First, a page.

Brewers Trade Rumors: Carlos Gomez hopes he’s not dealt


With the Milwaukee Brewers still in last place in the National League Central and 19 days remaining before the July 31 deadline for non-waiver trades, the club is obviously in the position of being sellers as contenders look to beef up their rosters for possible postseason runs.

One of the more attractive targets on the Brewers roster is thought to be center fielder Carlos Gomez.

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The two-time All-Star is on an affordable deal—he is in the second year of a three-year extension he signed in March 2013 and is owed the remainder of his $8 million salary this year and $9 million in 2016—but, as a client of superagent Scott Boros, it is thought unlikely that Milwaukee could retain him when he hits free agency after the 2016 season.

Gomez hasn’t been specifically named in any rumors, but there has been rampant speculation about where Gomez could go.’s Jon Heyman proposed a possible deal last month that would return Gomez to the Minnesota Twins as Minnesota’s outfield production has been spotty.

But Gomez told that if it’s all the same, he’d just as soon remain with the Brewers.

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“This is my sixth season in this organization and if it does happen, it’s going to hurt for me and my family because we owe a lot to this organization,” Gomez said. “But I’ve been in the game so long that I understand I have to move forward. If this happens, there’s nothing I can do.

“If that happens, it’s because the organization thinks it has a better future to bring in new prospects to rebuild everything. I don’t think it’s going to happen and I don’t have this on my mind.

“The only thing I have on my mind is play every day and give everything I have. Next year is my last year under contract and I wish I could stay here for the rest of my career. You spend seven seasons with one team, I don’t think you want to move. You want to stay here, especially with the group we have. I feel like I’m a Milwaukee Brewer. I don’t look at myself as anything else.”

The Brewers acquired Gomez in November 2009 from the Twins for shortstop J.J. Hardy and his career exploded once coming to Beer City.

His breakout began in 2012, when he hit .260/.305/.463 and achieved career highs with 19 home runs, 51 RBI and 37 stolen bases.

He blossomed into an All-Star with a monster 2013 season, hitting .284/.338/.506 with 27 doubles, 10 triples, 24 homers, 73 RBI and 40 stolen bases while winning Gold Glove honors in center field. He led the National League with 8.5 Wins Above Replacement.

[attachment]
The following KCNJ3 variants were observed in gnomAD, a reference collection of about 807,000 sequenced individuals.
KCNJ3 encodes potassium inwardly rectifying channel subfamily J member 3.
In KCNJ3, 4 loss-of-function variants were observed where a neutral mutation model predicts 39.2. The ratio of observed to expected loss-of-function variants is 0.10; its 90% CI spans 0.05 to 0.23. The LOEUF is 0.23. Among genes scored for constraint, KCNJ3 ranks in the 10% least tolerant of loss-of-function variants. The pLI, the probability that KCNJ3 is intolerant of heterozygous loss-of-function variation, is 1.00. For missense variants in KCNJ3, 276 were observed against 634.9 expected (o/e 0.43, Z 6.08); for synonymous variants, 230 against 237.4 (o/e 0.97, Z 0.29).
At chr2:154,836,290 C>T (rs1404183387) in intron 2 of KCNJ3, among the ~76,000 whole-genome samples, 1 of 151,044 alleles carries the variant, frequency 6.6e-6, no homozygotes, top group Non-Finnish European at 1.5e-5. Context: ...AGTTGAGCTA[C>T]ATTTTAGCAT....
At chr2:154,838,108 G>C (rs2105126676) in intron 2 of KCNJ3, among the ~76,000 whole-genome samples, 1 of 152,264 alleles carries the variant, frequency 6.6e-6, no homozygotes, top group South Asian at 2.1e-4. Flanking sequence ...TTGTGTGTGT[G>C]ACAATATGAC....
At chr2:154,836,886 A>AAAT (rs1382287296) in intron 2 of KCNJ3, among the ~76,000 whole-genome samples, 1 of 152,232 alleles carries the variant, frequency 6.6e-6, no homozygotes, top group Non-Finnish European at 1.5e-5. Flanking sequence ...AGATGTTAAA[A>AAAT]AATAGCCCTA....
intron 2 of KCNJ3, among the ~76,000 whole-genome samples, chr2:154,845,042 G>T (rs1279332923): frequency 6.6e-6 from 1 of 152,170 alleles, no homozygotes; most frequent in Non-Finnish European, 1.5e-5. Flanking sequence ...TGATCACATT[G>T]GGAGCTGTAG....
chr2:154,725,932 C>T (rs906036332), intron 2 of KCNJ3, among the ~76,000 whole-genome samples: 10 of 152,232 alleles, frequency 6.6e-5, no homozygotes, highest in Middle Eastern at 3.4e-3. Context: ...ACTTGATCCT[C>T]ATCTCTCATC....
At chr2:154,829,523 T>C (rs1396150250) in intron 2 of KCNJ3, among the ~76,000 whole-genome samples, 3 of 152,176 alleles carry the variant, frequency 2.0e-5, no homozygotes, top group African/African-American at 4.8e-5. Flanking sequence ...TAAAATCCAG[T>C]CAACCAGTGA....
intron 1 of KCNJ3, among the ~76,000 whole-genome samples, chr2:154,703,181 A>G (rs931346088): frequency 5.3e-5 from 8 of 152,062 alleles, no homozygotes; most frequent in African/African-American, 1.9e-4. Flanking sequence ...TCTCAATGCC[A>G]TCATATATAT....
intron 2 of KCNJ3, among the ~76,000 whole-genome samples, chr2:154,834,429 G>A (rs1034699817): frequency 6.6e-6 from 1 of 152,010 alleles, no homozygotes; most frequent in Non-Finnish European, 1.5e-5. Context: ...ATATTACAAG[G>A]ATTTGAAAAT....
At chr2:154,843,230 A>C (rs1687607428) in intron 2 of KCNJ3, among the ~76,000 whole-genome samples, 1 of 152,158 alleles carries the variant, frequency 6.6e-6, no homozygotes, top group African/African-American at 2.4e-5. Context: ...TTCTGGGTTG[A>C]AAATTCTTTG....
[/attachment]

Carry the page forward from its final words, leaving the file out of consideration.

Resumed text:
Last season was marked by an All-Star start and included a career-best 95 runs to go with 34 doubles, 23 homers, 73 RBI and 34 steals while hitting .284/.356/.477.

Gomez has been bothered by injuries this season. He spent time on the disabled list with a hamstring injury and has also dealt with injuries to his hip and wrist.

He’s one of many Brewers who has heated up of late, however. He’s hitting .314/.400/.657 in nine games in July, with three homers and 15 RBI. His five RBI in a win over the Los Angeles Dodgers Saturday night was the fourth time in his career he’s driven in five runs in a single game—and the second in eight days.

He also turned the trick on July 3 in Cincinnati.

For the season, he’s up to .278/.327/.457 with 18 doubles, eight homers and 41 RBI in 61 games.

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  • Gomez is still only 29, even if it feels he’s been around forever. Signed as an international free agent from the Dominican Republic by the New York Mets in 2002, he made his debut with the Mets in May 2007.

    But in February 2008, he was the centerpiece of a trade that also sent pitchers Deolis Guerra, Philip Humber and Kevin Mulvey to Minnesota for two-time Cy Young Award winner Johan Santana.

    His first season with the Twins was solid overall, hitting .259/.296/.360 with 79 runs, 24 doubles, seven triples, seven home runs, 59 RBI and 33 steals, but he hit just .229/.287/.337 in 2009 and was reduced to part-time duty.

    He was also a part-time player for his first two years with the Brewers before taking control of the center field job in 2012.

    I like Carlos Gomez and I’d like to see him remain a Brewer. But if the right combination of prospects could be acquired to facilitate the continued restocking of the farm system after years of pseudo-contention, that wouldn’t be the worst thing in the world, either.

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